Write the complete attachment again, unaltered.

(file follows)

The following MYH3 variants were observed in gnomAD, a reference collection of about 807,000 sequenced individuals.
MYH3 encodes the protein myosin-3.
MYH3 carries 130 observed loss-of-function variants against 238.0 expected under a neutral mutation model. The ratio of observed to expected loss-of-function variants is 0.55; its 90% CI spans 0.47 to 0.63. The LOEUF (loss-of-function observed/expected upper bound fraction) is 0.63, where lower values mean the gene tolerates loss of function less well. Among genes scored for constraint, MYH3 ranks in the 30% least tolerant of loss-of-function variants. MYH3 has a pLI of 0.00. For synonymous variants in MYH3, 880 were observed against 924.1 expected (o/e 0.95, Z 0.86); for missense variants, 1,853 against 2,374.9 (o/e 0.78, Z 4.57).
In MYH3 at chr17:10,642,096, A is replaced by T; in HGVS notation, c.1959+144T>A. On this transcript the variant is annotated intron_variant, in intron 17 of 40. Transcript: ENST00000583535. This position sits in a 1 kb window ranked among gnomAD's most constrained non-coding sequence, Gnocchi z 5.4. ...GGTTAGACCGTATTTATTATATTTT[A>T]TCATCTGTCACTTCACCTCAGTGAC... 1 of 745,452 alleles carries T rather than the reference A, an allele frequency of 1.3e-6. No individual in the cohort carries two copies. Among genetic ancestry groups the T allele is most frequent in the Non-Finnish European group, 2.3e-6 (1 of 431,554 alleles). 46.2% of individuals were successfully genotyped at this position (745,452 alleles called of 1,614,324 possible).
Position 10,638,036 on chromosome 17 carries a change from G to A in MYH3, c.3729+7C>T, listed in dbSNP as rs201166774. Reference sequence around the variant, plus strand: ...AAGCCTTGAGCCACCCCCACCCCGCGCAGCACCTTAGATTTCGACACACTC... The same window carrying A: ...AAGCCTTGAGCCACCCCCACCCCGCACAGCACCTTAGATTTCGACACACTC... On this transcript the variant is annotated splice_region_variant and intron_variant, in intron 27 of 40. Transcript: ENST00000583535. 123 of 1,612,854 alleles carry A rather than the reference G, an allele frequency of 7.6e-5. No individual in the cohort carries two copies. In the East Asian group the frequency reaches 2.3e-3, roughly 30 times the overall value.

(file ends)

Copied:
The following MYH3 variants were observed in gnomAD, a reference collection of about 807,000 sequenced individuals.
MYH3 encodes the protein myosin-3.
MYH3 carries 130 observed loss-of-function variants against 238.0 expected under a neutral mutation model. The ratio of observed to expected loss-of-function variants is 0.55; its 90% CI spans 0.47 to 0.63. The LOEUF (loss-of-function observed/expected upper bound fraction) is 0.63, where lower values mean the gene tolerates loss of function less well. Among genes scored for constraint, MYH3 ranks in the 30% least tolerant of loss-of-function variants. MYH3 has a pLI of 0.00. For synonymous variants in MYH3, 880 were observed against 924.1 expected (o/e 0.95, Z 0.86); for missense variants, 1,853 against 2,374.9 (o/e 0.78, Z 4.57).
In MYH3 at chr17:10,642,096, A is replaced by T; in HGVS notation, c.1959+144T>A. On this transcript the variant is annotated intron_variant, in intron 17 of 40. Transcript: ENST00000583535. This position sits in a 1 kb window ranked among gnomAD's most constrained non-coding sequence, Gnocchi z 5.4. ...GGTTAGACCGTATTTATTATATTTT[A>T]TCATCTGTCACTTCACCTCAGTGAC... 1 of 745,452 alleles carries T rather than the reference A, an allele frequency of 1.3e-6. No individual in the cohort carries two copies. Among genetic ancestry groups the T allele is most frequent in the Non-Finnish European group, 2.3e-6 (1 of 431,554 alleles). 46.2% of individuals were successfully genotyped at this position (745,452 alleles called of 1,614,324 possible).
Position 10,638,036 on chromosome 17 carries a change from G to A in MYH3, c.3729+7C>T, listed in dbSNP as rs201166774. Reference sequence around the variant, plus strand: ...AAGCCTTGAGCCACCCCCACCCCGCGCAGCACCTTAGATTTCGACACACTC... The same window carrying A: ...AAGCCTTGAGCCACCCCCACCCCGCACAGCACCTTAGATTTCGACACACTC... On this transcript the variant is annotated splice_region_variant and intron_variant, in intron 27 of 40. Transcript: ENST00000583535. 123 of 1,612,854 alleles carry A rather than the reference G, an allele frequency of 7.6e-5. No individual in the cohort carries two copies. In the East Asian group the frequency reaches 2.3e-3, roughly 30 times the overall value.